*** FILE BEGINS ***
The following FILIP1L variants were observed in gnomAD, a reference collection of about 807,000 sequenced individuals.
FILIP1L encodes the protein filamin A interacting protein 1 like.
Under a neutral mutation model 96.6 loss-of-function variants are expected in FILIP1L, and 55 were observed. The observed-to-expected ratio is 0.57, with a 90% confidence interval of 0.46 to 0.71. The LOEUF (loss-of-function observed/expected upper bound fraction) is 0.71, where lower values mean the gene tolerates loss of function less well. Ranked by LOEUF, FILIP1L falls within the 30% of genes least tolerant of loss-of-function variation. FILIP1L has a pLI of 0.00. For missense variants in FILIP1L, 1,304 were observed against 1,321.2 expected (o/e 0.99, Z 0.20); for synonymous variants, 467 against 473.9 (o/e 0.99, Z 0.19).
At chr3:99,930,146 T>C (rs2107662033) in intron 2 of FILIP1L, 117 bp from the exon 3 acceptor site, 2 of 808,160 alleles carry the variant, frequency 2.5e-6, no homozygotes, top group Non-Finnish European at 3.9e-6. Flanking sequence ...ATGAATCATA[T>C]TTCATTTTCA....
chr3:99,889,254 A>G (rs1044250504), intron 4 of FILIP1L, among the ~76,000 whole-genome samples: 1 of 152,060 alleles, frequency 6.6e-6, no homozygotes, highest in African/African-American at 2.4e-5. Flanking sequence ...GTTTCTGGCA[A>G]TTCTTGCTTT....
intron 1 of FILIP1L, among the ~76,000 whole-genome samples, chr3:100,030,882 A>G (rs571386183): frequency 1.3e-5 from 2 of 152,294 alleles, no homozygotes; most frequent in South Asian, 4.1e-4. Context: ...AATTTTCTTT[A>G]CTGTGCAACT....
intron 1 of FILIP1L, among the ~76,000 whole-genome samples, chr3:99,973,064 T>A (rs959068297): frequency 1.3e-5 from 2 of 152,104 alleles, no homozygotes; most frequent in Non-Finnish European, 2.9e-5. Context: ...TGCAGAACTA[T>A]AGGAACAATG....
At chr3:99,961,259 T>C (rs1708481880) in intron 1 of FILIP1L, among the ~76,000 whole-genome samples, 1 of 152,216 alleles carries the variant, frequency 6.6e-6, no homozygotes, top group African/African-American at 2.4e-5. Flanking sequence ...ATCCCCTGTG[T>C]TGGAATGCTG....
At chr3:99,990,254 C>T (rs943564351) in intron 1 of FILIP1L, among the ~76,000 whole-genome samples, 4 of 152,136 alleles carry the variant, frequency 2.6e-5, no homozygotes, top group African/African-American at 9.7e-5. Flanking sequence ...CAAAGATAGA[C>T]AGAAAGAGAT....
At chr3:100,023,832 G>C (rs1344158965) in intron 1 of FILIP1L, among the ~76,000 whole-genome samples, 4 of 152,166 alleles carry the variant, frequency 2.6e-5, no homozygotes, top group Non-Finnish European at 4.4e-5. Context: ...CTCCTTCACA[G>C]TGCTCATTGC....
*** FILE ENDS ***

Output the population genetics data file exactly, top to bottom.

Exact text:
The following FILIP1L variants were observed in gnomAD, a reference collection of about 807,000 sequenced individuals.
FILIP1L encodes the protein filamin A interacting protein 1 like.
Under a neutral mutation model 96.6 loss-of-function variants are expected in FILIP1L, and 55 were observed. The observed-to-expected ratio is 0.57, with a 90% confidence interval of 0.46 to 0.71. The LOEUF (loss-of-function observed/expected upper bound fraction) is 0.71, where lower values mean the gene tolerates loss of function less well. Ranked by LOEUF, FILIP1L falls within the 30% of genes least tolerant of loss-of-function variation. FILIP1L has a pLI of 0.00. For missense variants in FILIP1L, 1,304 were observed against 1,321.2 expected (o/e 0.99, Z 0.20); for synonymous variants, 467 against 473.9 (o/e 0.99, Z 0.19).
At chr3:99,930,146 T>C (rs2107662033) in intron 2 of FILIP1L, 117 bp from the exon 3 acceptor site, 2 of 808,160 alleles carry the variant, frequency 2.5e-6, no homozygotes, top group Non-Finnish European at 3.9e-6. Flanking sequence ...ATGAATCATA[T>C]TTCATTTTCA....
chr3:99,889,254 A>G (rs1044250504), intron 4 of FILIP1L, among the ~76,000 whole-genome samples: 1 of 152,060 alleles, frequency 6.6e-6, no homozygotes, highest in African/African-American at 2.4e-5. Flanking sequence ...GTTTCTGGCA[A>G]TTCTTGCTTT....
intron 1 of FILIP1L, among the ~76,000 whole-genome samples, chr3:100,030,882 A>G (rs571386183): frequency 1.3e-5 from 2 of 152,294 alleles, no homozygotes; most frequent in South Asian, 4.1e-4. Context: ...AATTTTCTTT[A>G]CTGTGCAACT....
intron 1 of FILIP1L, among the ~76,000 whole-genome samples, chr3:99,973,064 T>A (rs959068297): frequency 1.3e-5 from 2 of 152,104 alleles, no homozygotes; most frequent in Non-Finnish European, 2.9e-5. Context: ...TGCAGAACTA[T>A]AGGAACAATG....
At chr3:99,961,259 T>C (rs1708481880) in intron 1 of FILIP1L, among the ~76,000 whole-genome samples, 1 of 152,216 alleles carries the variant, frequency 6.6e-6, no homozygotes, top group African/African-American at 2.4e-5. Flanking sequence ...ATCCCCTGTG[T>C]TGGAATGCTG....
At chr3:99,990,254 C>T (rs943564351) in intron 1 of FILIP1L, among the ~76,000 whole-genome samples, 4 of 152,136 alleles carry the variant, frequency 2.6e-5, no homozygotes, top group African/African-American at 9.7e-5. Flanking sequence ...CAAAGATAGA[C>T]AGAAAGAGAT....
At chr3:100,023,832 G>C (rs1344158965) in intron 1 of FILIP1L, among the ~76,000 whole-genome samples, 4 of 152,166 alleles carry the variant, frequency 2.6e-5, no homozygotes, top group Non-Finnish European at 4.4e-5. Context: ...CTCCTTCACA[G>C]TGCTCATTGC....